Dr. Robert Rottapel
Program Director, Innovation in Target Validation
The Rottapel laboratory uses functional genetic screens (both shRNA and CRISPR/Cas9) to identify novel vulnerabilities in ovarian cancer as a strategy to develop new therapeutic targets. They focus on understanding signal transduction pathways that operate in normal and cancer cells and the regulatory processes that control protein function. The lab is particularly interested in targeting adaptive stress pathways that support the transformed cancer state as a strategy to find new anti-cancer therapies.
Other areas of research pursued in the laboratory focus on signal transduction pathways in the immune system and the study of monogenic human diseases that control inflammation, bone homeostasis and metabolism.
- Program Director, Innovation in Target Validation, OICR;
- Senior Scientist and Amgen Chair for Cancer Research, Princess Margaret Cancer Centre;
- Professor, Departments of Medicine, Immunology and Medical Biophysics, University of Toronto;
- Rheumatologist, Department of Medicine, St. Michael’s Hospital, Toronto.
- Cancer functional genetics;
- Synthetic lethal screens;
- Signal transduction;
- Regulation of protein function;
- Ovarian cancer;
- Pancreatic cancer.
Mauricio Medrano, Laudine Communal, Marcin Iwanicki, Joshua Paterson, Kevin Brown, Fabrice Sircoulomb, Paul Krzyzanowski, Josee Normand, Sasha Anita Doodnauth, Marian Novak, Fernando Suarez, Jane Cullis, Benjamin G. Neel, John McPherson, Jason Moffat, Ronny Drapkin, Laurie Ailles, Anne-Marie Mes-Mason, and Robert Rottapel.
Interrogation of functional cell surface markers identifies CD151 dependency in high-grade serous ovarian cancer.
Cell Report, In Press, 2017.
Fine N, Dimitriou ID, Rullo J, Sandí MJ, Petri B, Haitsma J, Ibrahim H, La Rose J, Glogauer M, Kubes P, Cybulsky M, Rottapel R.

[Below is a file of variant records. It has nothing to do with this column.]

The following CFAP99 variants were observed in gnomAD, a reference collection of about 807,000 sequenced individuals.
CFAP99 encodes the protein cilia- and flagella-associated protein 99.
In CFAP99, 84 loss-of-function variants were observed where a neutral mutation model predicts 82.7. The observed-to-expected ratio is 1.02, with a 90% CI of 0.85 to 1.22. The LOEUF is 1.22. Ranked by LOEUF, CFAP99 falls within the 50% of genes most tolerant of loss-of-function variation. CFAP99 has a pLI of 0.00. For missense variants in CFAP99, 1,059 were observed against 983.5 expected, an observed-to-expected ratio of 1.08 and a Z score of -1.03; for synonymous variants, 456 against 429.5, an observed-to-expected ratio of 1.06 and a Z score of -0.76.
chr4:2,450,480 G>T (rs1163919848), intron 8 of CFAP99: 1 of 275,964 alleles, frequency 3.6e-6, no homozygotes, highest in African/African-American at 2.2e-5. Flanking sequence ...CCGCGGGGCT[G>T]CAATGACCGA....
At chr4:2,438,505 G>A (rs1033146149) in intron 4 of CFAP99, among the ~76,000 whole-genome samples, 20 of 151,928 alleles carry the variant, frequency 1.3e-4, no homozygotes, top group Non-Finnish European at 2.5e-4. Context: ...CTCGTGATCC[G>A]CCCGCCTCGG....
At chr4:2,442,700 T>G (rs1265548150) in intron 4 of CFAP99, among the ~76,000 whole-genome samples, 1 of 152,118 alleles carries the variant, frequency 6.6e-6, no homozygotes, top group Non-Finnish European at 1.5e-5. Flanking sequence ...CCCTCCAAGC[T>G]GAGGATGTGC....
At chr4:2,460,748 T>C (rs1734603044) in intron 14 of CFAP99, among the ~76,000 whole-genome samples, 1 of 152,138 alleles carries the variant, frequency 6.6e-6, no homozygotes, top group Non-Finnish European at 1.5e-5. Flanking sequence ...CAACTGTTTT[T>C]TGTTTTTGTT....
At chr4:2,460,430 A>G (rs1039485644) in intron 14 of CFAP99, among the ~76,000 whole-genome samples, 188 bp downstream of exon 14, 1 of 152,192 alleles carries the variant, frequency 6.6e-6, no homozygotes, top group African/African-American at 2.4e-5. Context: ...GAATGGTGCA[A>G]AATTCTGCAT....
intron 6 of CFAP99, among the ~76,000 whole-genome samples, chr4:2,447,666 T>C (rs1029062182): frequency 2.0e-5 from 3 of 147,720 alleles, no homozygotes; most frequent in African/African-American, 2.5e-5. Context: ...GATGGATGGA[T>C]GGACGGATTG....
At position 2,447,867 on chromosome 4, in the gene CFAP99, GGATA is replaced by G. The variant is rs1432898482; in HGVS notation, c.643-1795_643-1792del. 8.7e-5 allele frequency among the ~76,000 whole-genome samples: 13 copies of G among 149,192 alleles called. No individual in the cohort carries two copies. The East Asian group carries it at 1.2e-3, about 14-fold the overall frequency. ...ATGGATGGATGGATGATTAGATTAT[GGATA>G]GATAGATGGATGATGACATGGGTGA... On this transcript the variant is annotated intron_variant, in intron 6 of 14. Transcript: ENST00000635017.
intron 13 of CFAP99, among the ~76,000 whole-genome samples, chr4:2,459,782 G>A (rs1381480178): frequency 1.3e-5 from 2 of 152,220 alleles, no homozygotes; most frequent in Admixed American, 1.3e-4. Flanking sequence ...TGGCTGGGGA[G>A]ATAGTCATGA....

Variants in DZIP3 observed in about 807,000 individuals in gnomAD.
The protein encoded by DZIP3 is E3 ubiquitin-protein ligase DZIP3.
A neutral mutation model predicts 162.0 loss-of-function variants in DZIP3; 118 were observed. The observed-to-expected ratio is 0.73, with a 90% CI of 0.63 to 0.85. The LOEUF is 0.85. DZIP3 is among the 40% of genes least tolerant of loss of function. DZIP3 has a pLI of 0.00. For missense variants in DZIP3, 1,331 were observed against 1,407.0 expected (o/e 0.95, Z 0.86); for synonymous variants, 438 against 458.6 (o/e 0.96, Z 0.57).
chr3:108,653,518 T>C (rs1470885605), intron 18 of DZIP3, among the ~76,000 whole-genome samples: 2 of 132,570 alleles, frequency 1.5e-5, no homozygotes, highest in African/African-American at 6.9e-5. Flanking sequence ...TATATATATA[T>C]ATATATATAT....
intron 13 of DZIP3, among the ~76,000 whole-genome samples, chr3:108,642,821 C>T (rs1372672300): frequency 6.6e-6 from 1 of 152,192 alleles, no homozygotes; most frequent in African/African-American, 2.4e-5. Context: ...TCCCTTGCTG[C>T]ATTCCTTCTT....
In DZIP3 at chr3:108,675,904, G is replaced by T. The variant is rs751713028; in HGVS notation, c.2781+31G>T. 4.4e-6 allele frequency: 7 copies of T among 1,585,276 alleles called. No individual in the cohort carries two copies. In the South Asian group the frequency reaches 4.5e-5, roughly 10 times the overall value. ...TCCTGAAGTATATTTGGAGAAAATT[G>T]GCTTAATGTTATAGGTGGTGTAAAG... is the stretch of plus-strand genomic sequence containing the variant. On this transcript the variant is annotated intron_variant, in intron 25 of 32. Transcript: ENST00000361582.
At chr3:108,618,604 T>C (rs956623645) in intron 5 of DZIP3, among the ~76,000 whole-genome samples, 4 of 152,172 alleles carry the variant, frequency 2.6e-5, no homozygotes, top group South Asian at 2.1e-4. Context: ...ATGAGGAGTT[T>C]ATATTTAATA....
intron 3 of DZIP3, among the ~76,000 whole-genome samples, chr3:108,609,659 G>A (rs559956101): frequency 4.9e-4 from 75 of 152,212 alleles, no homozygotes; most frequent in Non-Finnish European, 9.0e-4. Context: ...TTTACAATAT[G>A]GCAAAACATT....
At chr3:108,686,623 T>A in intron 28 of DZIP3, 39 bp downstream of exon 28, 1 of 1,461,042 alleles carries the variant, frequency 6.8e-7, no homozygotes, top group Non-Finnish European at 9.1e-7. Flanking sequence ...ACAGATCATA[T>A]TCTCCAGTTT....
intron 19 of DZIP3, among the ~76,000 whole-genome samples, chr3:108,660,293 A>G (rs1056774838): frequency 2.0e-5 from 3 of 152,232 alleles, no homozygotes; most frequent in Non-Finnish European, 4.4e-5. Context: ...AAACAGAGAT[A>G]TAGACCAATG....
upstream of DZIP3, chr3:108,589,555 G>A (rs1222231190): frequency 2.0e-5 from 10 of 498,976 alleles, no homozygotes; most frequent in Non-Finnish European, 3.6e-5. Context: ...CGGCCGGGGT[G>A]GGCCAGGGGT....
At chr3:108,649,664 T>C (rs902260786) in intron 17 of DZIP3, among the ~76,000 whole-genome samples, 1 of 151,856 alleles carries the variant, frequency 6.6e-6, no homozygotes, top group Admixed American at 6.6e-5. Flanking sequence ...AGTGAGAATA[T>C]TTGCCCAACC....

GEF-H1 is necessary for neutrophil shear stress-induced migration during inflammation.
J Cell Biol. 2016 Oct 10;215(1):107-119.
Meiri D, Marshall CB, Mokady D, LaRose J, Mullin M, Gingras AC, Ikura M, Rottapel R.
Mechanistic insight into GPCR-mediated activation of the microtubule-associated RhoA exchange factor GEF-H1.
Nat Commun. 2014 Sept 11;5:4857. Doi:10.1038/ncomms5857.
Guettler S, LaRose J, Gish G, Petsalaki E, Scotter A, Pawson T, Rottapel R, Sicheri F.
Structural basis and sequence rules for substrate recognition by Tankyrase explain the basis for cherubism disease.
Cell. 2011; 9; 147(6):1340-54.
Levaot N, Voytyuk O, Dimitriou I, Sircoulomb F, Chandrakumar A, Deckert M, Krzyzanowski PM, Scotter A, Gu S, Janmohamed S, Cong F, Simoncic PD, Ueki Y, La Rose J, Rottapel R.
Loss of Tankyrase-mediated destruction of 3BP2 is the underlying pathogenic mechanism of cherubism.
Cell. 2011; 9:147(6):1324-39.
- Amgen Chair for Cancer Research, University Health Network.
Opportunities to collaborate
- Target validation in ovarian cancer;
- Development of novel small molecule or antibody based therapeutics;
- Mechanism of transformation underlying ovarian cancer;
- CRISPR/CAS9 functional genetic screens;
- Drug sensitizing screens.
For more information about Dr. Rottapel’s research, please visit The Rottapel Lab.
Donna De Francesco